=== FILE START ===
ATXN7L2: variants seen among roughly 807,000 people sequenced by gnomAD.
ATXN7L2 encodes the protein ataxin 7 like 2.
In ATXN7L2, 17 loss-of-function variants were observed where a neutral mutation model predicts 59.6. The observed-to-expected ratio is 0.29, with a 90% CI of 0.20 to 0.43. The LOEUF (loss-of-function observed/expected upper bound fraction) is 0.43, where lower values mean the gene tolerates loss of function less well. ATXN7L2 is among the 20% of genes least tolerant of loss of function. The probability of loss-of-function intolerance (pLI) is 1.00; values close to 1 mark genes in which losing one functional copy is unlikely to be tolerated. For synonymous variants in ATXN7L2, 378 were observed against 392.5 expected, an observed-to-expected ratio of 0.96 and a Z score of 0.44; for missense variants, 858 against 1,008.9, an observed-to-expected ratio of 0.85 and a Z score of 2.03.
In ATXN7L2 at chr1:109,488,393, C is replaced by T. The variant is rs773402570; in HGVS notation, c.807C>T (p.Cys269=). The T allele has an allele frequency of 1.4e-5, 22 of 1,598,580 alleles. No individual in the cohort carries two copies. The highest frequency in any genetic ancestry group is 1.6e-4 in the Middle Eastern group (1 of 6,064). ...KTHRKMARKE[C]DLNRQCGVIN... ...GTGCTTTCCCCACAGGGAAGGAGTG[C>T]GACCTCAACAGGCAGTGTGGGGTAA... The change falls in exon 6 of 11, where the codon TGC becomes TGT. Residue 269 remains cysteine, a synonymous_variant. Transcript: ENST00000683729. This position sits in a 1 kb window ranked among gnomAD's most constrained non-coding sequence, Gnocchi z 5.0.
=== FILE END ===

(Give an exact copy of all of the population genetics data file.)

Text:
ATXN7L2: variants seen among roughly 807,000 people sequenced by gnomAD.
ATXN7L2 encodes the protein ataxin 7 like 2.
In ATXN7L2, 17 loss-of-function variants were observed where a neutral mutation model predicts 59.6. The observed-to-expected ratio is 0.29, with a 90% CI of 0.20 to 0.43. The LOEUF (loss-of-function observed/expected upper bound fraction) is 0.43, where lower values mean the gene tolerates loss of function less well. ATXN7L2 is among the 20% of genes least tolerant of loss of function. The probability of loss-of-function intolerance (pLI) is 1.00; values close to 1 mark genes in which losing one functional copy is unlikely to be tolerated. For synonymous variants in ATXN7L2, 378 were observed against 392.5 expected, an observed-to-expected ratio of 0.96 and a Z score of 0.44; for missense variants, 858 against 1,008.9, an observed-to-expected ratio of 0.85 and a Z score of 2.03.
In ATXN7L2 at chr1:109,488,393, C is replaced by T. The variant is rs773402570; in HGVS notation, c.807C>T (p.Cys269=). The T allele has an allele frequency of 1.4e-5, 22 of 1,598,580 alleles. No individual in the cohort carries two copies. The highest frequency in any genetic ancestry group is 1.6e-4 in the Middle Eastern group (1 of 6,064). ...KTHRKMARKE[C]DLNRQCGVIN... ...GTGCTTTCCCCACAGGGAAGGAGTG[C>T]GACCTCAACAGGCAGTGTGGGGTAA... The change falls in exon 6 of 11, where the codon TGC becomes TGT. Residue 269 remains cysteine, a synonymous_variant. Transcript: ENST00000683729. This position sits in a 1 kb window ranked among gnomAD's most constrained non-coding sequence, Gnocchi z 5.0.